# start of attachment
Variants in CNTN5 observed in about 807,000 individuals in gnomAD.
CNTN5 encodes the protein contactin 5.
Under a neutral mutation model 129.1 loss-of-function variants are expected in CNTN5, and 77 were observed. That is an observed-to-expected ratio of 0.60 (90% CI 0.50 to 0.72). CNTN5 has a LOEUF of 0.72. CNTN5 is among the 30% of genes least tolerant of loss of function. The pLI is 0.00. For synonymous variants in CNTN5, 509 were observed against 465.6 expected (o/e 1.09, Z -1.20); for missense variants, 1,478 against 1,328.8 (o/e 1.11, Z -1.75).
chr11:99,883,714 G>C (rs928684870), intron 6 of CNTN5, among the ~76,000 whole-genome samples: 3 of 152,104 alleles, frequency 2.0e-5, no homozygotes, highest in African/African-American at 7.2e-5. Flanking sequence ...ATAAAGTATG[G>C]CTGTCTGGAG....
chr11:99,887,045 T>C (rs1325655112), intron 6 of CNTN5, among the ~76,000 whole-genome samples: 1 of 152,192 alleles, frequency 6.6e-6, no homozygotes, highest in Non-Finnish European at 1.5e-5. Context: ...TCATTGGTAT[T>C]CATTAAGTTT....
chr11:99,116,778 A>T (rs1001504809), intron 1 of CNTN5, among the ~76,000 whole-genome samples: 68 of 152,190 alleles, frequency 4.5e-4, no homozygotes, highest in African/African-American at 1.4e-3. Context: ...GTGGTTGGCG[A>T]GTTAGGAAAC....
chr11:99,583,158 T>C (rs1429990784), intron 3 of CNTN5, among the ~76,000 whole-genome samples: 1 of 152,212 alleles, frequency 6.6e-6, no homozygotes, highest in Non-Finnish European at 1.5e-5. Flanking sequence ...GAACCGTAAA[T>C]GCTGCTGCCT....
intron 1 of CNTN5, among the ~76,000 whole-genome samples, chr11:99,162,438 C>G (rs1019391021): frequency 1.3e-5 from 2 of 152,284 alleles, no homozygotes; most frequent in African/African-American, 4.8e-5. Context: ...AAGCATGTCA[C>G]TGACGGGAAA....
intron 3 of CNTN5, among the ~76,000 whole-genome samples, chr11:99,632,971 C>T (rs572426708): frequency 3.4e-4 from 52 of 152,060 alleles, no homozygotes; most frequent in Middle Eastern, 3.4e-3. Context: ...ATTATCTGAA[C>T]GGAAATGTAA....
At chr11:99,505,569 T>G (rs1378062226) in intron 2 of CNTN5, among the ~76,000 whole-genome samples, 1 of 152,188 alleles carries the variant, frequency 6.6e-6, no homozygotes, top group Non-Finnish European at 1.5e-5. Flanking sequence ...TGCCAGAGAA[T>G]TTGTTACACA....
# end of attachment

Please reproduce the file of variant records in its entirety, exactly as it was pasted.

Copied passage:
Variants in CNTN5 observed in about 807,000 individuals in gnomAD.
CNTN5 encodes the protein contactin 5.
Under a neutral mutation model 129.1 loss-of-function variants are expected in CNTN5, and 77 were observed. That is an observed-to-expected ratio of 0.60 (90% CI 0.50 to 0.72). CNTN5 has a LOEUF of 0.72. CNTN5 is among the 30% of genes least tolerant of loss of function. The pLI is 0.00. For synonymous variants in CNTN5, 509 were observed against 465.6 expected (o/e 1.09, Z -1.20); for missense variants, 1,478 against 1,328.8 (o/e 1.11, Z -1.75).
chr11:99,883,714 G>C (rs928684870), intron 6 of CNTN5, among the ~76,000 whole-genome samples: 3 of 152,104 alleles, frequency 2.0e-5, no homozygotes, highest in African/African-American at 7.2e-5. Flanking sequence ...ATAAAGTATG[G>C]CTGTCTGGAG....
chr11:99,887,045 T>C (rs1325655112), intron 6 of CNTN5, among the ~76,000 whole-genome samples: 1 of 152,192 alleles, frequency 6.6e-6, no homozygotes, highest in Non-Finnish European at 1.5e-5. Context: ...TCATTGGTAT[T>C]CATTAAGTTT....
chr11:99,116,778 A>T (rs1001504809), intron 1 of CNTN5, among the ~76,000 whole-genome samples: 68 of 152,190 alleles, frequency 4.5e-4, no homozygotes, highest in African/African-American at 1.4e-3. Context: ...GTGGTTGGCG[A>T]GTTAGGAAAC....
chr11:99,583,158 T>C (rs1429990784), intron 3 of CNTN5, among the ~76,000 whole-genome samples: 1 of 152,212 alleles, frequency 6.6e-6, no homozygotes, highest in Non-Finnish European at 1.5e-5. Flanking sequence ...GAACCGTAAA[T>C]GCTGCTGCCT....
intron 1 of CNTN5, among the ~76,000 whole-genome samples, chr11:99,162,438 C>G (rs1019391021): frequency 1.3e-5 from 2 of 152,284 alleles, no homozygotes; most frequent in African/African-American, 4.8e-5. Context: ...AAGCATGTCA[C>G]TGACGGGAAA....
intron 3 of CNTN5, among the ~76,000 whole-genome samples, chr11:99,632,971 C>T (rs572426708): frequency 3.4e-4 from 52 of 152,060 alleles, no homozygotes; most frequent in Middle Eastern, 3.4e-3. Context: ...ATTATCTGAA[C>T]GGAAATGTAA....
At chr11:99,505,569 T>G (rs1378062226) in intron 2 of CNTN5, among the ~76,000 whole-genome samples, 1 of 152,188 alleles carries the variant, frequency 6.6e-6, no homozygotes, top group Non-Finnish European at 1.5e-5. Flanking sequence ...TGCCAGAGAA[T>G]TTGTTACACA....